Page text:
Jewish World Review Feb. 20, 2004 /28 Shevat, 5764
Drs. Michael A. Glueck & Robert J. Cihak
Doctors fighting against doctors, at the behest of the government and lawyers
We've recently written about threats to your health posed by limits forced
on your doctor and the medical care system, mostly levied by lawyers in
legislatures and courtrooms more interested in their own profits and power
There's more. Congress has given great power to hospital administrators and
doctors appointed to special hospital "peer review" committees originally
set up to review complaints about doctors' work. And hospitals and doctors
have used this power to remove competition and foster medical monopolies.
Federal law, specifically The Health Care Quality Improvement Act of 1986
shields these committees and hospitals from accountability. As a result,
these committees are essentially little oligarchies holding great power over
the future of all the other doctors on the medical staff. And they're
behaving like oligarchs, often for their own personal benefit.
A single final report from one of these committees can cause a doctor to be
kicked out of a hospital and reported to the National Practitioner Data Bank
which then makes the information available to entities that meet the
"...explicit statutory requirements for participating in the NPDB...." in
other words, another group of selected, elite entities and not the general
As related by a series of investigative articles by Steve Twedt, in the
Pittsburgh Post-Gazette, "traditional guarantees of due process or even fair
play do not necessarily apply." For example, doctors accused of bad behavior
typically aren't even told who the accuser is.
"Disruptive behavior" is a favorite charge for getting rid of a competitor,
even when the "disruption" amounts to a doctor complaining about poor
patient care by the hospital and confirmed by outside professional and
This mess is an example of government losing sight of justice in favor of
false politically-motivated efficiency. The Health Care Quality Improvement
Act of 1986 gave legal immunity to hospitals and peer review committees as
long as they could claim a "reasonable belief that the action was in the
furtherance of quality health care."
As Twedt writes "And while the law also refers to adequate notice of a
hearing, providing an accused doctor with a list of witnesses and giving the
doctor a right to question his accusers, those are suggested standards, not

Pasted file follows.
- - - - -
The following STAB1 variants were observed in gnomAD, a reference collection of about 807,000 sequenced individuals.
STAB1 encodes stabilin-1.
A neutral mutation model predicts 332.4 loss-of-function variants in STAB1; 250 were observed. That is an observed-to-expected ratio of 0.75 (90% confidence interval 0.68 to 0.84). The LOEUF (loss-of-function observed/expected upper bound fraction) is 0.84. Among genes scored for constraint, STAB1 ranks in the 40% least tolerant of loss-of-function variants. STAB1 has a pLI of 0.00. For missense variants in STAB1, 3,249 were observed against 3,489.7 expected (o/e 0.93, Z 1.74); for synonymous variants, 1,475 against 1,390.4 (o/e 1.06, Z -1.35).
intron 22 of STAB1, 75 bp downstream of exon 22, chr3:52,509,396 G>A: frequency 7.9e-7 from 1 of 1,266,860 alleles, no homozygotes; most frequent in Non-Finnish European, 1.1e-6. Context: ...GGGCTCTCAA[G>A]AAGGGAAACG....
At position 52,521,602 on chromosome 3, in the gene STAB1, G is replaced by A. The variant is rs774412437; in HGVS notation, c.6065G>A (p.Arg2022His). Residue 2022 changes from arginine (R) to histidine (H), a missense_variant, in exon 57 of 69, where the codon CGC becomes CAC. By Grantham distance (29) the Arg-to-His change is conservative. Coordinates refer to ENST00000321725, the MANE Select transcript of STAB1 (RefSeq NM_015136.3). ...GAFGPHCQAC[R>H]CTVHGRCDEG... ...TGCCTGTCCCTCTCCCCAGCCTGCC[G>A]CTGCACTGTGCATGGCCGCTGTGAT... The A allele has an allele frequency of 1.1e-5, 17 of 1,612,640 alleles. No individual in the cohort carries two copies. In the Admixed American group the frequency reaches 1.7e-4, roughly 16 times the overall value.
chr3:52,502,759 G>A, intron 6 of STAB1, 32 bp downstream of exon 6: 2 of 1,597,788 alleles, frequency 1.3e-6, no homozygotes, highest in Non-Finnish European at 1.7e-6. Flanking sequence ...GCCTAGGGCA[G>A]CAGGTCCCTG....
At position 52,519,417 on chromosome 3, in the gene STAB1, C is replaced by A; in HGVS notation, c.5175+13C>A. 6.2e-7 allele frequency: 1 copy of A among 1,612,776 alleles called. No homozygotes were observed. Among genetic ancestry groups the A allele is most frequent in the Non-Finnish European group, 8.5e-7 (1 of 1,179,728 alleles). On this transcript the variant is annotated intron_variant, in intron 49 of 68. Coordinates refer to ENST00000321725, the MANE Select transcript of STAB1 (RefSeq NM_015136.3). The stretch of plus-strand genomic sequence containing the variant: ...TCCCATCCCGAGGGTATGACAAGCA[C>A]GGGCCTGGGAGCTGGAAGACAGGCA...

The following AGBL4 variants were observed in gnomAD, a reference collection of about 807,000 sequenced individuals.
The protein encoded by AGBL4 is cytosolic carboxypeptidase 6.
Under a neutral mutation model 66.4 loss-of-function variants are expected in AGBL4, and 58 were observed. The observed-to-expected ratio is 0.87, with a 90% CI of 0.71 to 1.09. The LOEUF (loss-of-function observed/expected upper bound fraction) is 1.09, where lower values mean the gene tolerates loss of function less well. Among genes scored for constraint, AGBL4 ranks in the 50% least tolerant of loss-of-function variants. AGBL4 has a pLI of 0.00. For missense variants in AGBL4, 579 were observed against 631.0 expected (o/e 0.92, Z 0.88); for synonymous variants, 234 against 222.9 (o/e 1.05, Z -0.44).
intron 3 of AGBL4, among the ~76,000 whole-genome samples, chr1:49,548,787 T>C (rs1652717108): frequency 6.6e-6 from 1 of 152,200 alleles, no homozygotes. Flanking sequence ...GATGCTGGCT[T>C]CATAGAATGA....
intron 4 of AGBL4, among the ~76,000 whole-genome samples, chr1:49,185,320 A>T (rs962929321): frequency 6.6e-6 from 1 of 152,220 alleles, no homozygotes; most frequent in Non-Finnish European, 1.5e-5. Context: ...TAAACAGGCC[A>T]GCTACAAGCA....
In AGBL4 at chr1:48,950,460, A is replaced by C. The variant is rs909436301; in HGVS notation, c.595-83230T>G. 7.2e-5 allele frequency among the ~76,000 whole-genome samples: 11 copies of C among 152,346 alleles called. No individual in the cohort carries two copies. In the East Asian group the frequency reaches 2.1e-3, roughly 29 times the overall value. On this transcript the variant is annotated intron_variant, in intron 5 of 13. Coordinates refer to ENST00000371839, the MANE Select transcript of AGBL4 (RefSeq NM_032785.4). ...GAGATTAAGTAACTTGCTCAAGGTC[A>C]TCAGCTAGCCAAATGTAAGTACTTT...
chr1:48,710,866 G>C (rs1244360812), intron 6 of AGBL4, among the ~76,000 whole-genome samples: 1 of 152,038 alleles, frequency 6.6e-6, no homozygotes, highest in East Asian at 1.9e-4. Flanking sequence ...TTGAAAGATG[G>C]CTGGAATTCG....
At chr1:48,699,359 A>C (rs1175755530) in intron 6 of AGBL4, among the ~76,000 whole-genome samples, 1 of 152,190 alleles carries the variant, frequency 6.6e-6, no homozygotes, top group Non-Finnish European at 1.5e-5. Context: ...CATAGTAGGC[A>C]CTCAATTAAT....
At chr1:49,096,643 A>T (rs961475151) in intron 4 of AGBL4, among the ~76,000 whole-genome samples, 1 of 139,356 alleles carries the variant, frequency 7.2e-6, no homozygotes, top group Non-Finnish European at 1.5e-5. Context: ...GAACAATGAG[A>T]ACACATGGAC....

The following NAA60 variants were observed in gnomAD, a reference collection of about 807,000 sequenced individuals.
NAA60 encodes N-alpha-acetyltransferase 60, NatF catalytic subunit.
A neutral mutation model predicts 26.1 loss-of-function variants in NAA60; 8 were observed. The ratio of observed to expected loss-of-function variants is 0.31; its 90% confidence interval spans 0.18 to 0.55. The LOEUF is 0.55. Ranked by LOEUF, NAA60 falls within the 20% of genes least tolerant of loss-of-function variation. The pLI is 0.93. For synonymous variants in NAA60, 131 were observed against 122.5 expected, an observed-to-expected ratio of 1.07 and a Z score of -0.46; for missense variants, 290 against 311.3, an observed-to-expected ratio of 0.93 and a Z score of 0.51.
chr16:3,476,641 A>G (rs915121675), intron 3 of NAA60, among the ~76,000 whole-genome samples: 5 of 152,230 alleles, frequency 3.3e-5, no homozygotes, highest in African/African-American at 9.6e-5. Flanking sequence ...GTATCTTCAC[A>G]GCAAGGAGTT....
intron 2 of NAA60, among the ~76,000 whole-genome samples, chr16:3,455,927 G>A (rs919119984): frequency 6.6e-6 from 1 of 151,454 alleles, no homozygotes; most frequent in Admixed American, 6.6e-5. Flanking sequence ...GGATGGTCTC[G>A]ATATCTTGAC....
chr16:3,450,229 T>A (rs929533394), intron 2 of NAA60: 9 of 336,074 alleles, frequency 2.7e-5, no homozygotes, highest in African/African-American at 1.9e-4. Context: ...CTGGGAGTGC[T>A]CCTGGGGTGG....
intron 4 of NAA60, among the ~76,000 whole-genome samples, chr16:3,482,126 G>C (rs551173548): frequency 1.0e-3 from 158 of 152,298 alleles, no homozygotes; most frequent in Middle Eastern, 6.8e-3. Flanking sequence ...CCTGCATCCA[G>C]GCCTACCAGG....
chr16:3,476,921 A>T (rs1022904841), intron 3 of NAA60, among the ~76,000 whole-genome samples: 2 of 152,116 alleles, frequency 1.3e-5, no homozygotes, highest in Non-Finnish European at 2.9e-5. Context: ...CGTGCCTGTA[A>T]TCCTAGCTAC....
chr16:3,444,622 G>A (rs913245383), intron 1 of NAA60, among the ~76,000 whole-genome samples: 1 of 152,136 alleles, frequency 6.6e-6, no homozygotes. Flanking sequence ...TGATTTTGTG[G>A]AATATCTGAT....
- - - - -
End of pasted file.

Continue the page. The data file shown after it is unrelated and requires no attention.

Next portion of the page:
requirements. Encino physician Mileikowsky, for example, asked for a meeting
with the medical executive committee after his suspension. He said the
committee kept him outside the hearing room for an hour while it discussed
charges that he had 'exhibited a pattern of disruptive, threatening and
noncooperative behavior.' Finally allowed in, he had 30 minutes to rebut
accusations he was hearing for the first time."
Because they can't use hospital facilities these doctors can't work and
generate income. Some are considering personal bankruptcy or are losing
their homes through foreclosure.
When ruling in the hospital's favor, judges sometimes say they don't want to
interfere with internal hospital business. In doing so, they admit that
they're not very interested in truth and justice, either for patients or
But the problem goes deeper, and is in fact symptomatic of a totalitarian
mindset. It goes like this:
1. Ideologues create a theoretically perfect system later adopted by
politicians or dictators or welfare states.
2. The system doesn't work.
3. The system itself can't be questioned.
4. Therefore, scapegoats need to be found and show-trialed.
For American politicians, Medicare isn't working out the way they think it
should, with complaints and expenses rising. Therefore, the politicians
conclude, doctor-wreckers must be doing it. After all, there are 500 times
as many patients as there are doctors, with 500 times as many votes. And
it's the government's job to root them out - or to at least "send a
message", a al Don Corleone, to doctors.
In the interests of Medicare "system integrity" an unelected few doctors,
now typically selected by hospital officials, have Star Chamber powers to
punish their competitors and monopolize medical business for themselves.
What to do?
- Restore due process and the priority of the search for truth and justice,
as required by the constitution in criminal cases, to civil law and
- Allow for the fact that doctors are human too, and do make mistakes.
- Allow traditional informal peer review to work, such as by referrals and
In other words, let's treat patients and doctors as individuals rather than
cogs in a government machine.
Editor's Note: Robert J. Cihak wrote this week's column.
Michael Arnold Glueck, M.D., is a multiple award winning writer who comments
on medical-legal issues. Robert J. Cihak, M.D., is a Discovery Institute
Senior Fellow and a past president of the Association of American Physicians
and Surgeons. Both JWR contributors are Harvard trained diagnostic radiologists.
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